It’s a good idea to get the ‘money’ chat out the way early on. Moving into a house share with some of your closest friends can be very exciting; you can cook and clean together, arrange movie nights and much more. However, moving into a student house brings with it a number of shared expenses, such as rent and utilities. With this in mind, we’ve put together some tips on how to best manage the expenses that come with shared housing.
This method of paying the bills requires one person in the house to take charge for paying all of the bills. They would need to have enough money in their account each month to be able to cover them. Whilst this is a common method, it does rely upon everyone paying their share to that person on time.
Another idea is to open a joint bank account, where everyone pays a set weekly or monthly standing order into this account. It can be difficult to estimate how much money will be required each month, and it also means everyone has to pay their money on time. However, it does carry the benefit of sharing responsibility.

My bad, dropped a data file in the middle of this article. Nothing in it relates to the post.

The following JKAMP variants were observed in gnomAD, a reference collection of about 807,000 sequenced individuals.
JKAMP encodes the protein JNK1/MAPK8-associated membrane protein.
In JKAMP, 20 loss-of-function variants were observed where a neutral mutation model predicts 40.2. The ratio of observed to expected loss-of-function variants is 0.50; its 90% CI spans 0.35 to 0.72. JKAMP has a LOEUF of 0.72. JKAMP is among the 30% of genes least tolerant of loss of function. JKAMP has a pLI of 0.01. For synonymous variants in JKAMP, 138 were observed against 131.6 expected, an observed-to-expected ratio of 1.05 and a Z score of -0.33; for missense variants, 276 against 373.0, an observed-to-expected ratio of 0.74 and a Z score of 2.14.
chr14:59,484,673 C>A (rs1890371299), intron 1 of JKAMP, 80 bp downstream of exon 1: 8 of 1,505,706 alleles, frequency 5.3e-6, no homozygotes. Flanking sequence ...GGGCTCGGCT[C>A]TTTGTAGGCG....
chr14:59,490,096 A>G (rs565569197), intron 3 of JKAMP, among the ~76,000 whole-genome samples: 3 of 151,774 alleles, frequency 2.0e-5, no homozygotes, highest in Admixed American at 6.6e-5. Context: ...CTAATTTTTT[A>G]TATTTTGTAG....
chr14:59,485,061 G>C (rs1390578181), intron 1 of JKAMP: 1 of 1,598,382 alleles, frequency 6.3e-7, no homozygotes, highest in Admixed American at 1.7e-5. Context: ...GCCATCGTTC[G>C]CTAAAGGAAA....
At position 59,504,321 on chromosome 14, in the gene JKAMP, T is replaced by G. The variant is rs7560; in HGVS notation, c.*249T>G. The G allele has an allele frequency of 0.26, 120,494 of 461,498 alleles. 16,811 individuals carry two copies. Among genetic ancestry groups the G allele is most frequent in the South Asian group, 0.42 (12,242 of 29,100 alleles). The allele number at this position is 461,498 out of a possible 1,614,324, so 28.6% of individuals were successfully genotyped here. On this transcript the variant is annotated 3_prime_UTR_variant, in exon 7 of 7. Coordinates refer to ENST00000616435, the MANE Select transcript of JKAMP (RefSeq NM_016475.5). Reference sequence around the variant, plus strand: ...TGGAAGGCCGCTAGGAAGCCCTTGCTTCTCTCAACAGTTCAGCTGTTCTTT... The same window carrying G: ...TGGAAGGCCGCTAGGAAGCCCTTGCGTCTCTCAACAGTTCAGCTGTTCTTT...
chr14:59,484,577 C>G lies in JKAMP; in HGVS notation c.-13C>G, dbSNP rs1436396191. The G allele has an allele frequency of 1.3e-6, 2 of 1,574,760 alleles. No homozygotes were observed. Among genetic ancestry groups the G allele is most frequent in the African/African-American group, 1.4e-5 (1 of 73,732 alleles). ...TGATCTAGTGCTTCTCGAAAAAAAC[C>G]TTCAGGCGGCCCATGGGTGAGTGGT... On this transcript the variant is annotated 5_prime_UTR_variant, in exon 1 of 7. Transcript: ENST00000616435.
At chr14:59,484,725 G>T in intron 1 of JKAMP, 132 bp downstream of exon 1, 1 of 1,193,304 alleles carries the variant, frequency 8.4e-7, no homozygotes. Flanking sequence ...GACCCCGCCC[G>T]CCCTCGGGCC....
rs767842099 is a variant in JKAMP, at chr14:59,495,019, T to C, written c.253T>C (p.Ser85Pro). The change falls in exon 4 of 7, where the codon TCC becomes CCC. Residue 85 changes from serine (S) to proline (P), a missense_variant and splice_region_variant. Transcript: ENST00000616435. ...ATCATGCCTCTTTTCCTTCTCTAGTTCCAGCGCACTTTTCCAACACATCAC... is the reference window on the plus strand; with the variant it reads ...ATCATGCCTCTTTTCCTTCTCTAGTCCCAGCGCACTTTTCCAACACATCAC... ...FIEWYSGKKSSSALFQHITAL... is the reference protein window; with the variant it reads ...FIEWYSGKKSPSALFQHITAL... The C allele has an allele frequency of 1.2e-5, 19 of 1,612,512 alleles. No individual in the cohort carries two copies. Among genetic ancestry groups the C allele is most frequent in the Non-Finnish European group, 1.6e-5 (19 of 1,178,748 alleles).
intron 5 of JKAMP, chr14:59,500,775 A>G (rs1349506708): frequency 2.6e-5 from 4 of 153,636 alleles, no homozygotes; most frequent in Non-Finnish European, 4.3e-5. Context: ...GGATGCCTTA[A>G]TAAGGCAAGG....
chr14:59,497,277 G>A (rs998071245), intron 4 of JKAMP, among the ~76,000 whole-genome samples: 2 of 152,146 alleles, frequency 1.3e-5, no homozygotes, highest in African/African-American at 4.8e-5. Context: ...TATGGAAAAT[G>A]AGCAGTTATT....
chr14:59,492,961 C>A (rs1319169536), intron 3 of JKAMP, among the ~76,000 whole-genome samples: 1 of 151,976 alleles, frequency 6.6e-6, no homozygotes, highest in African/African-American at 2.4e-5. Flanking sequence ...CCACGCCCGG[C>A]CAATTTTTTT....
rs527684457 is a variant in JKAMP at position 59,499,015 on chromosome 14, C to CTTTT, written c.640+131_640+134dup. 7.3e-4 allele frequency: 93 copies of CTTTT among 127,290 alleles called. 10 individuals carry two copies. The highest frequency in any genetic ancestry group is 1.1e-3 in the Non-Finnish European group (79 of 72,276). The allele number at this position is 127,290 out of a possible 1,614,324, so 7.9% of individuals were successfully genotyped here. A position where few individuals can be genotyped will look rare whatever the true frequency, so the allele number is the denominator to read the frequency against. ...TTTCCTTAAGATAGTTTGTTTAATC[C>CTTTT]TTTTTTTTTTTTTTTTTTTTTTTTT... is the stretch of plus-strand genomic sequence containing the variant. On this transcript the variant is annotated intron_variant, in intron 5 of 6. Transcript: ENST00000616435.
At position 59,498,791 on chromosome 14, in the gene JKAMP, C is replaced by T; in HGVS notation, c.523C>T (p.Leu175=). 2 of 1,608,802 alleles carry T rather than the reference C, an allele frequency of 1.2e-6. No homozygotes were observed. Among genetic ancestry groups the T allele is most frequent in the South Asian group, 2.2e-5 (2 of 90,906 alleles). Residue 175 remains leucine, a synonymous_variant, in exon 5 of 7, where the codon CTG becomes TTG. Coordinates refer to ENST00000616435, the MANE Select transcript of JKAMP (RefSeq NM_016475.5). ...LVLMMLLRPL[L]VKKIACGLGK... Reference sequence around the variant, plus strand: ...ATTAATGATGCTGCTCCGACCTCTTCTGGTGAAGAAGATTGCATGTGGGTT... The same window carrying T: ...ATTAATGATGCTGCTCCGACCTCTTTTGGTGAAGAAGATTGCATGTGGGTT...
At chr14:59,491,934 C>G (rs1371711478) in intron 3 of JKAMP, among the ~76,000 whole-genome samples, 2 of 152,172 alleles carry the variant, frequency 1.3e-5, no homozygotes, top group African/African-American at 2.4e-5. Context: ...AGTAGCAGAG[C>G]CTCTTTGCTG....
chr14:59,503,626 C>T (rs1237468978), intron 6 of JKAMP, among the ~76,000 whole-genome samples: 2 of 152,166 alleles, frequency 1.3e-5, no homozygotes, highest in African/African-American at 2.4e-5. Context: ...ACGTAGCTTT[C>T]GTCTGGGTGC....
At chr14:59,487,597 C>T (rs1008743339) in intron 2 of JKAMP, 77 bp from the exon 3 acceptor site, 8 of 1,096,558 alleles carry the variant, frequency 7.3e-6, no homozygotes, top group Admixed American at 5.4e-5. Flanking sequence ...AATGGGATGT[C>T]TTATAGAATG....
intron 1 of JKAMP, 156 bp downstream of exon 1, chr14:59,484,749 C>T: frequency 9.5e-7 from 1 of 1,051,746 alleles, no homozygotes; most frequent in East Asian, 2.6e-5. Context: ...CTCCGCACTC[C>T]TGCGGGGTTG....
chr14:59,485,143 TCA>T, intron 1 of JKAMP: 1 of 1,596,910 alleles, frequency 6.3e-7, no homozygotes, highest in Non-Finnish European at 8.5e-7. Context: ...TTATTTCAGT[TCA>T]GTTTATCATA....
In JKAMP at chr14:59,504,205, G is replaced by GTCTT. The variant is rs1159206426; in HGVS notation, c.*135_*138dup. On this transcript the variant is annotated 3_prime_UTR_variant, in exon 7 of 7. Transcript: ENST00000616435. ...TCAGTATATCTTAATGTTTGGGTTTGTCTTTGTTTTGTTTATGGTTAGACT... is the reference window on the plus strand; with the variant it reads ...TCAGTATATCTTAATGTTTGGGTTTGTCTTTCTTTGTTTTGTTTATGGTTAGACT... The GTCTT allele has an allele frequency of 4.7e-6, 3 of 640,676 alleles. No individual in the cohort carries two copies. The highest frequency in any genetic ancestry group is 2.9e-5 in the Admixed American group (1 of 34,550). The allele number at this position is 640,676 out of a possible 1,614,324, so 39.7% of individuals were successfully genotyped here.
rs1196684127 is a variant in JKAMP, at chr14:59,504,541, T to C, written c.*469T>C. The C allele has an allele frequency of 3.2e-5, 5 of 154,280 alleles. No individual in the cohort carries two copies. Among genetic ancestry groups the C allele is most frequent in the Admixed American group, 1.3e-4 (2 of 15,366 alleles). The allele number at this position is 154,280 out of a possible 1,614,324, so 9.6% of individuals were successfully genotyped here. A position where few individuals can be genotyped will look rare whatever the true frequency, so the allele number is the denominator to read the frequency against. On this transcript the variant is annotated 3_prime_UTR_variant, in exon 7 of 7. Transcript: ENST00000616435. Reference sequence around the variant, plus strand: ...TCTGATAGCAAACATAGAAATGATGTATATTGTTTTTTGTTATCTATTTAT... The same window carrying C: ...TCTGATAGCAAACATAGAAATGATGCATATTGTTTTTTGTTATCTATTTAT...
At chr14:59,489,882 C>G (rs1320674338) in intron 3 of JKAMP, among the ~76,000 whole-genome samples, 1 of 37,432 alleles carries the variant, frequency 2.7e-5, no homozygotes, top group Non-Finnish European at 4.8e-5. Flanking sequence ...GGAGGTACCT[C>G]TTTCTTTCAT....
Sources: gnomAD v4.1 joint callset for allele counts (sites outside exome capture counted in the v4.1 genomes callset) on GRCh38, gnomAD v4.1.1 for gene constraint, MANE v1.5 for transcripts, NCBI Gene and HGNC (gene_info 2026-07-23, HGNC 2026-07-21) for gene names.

Dividing the bills between each of the housemates means sharing the responsibility. But you need to make sure that everyone over the year pays an equal amount, regardless of what bill they’re responsible for. It’s worth creating a system for tracking when bills are due and who will be paying them - some companies charge late fees, so it’s important you stay organised. Creating a shared Google Sheet between housemates can help to keep track of this, or just recording payments on a post-it on the kitchen fridge!
There are a number of bill paying apps, such as splitthebills.co.uk and glide.uk.com. These companies take a regular payment from each housemate and then set up all of the utilities for that household. This method removes the stress of chasing each other for the money. However, it’s worth bearing in mind that there is likely to be a charge for this service.
Whether one of your flatmates is consistently late with their payments, or whether you’re experiencing a financial shortfall yourself, it’s important to discuss this with your housemates before it becomes a real issue.
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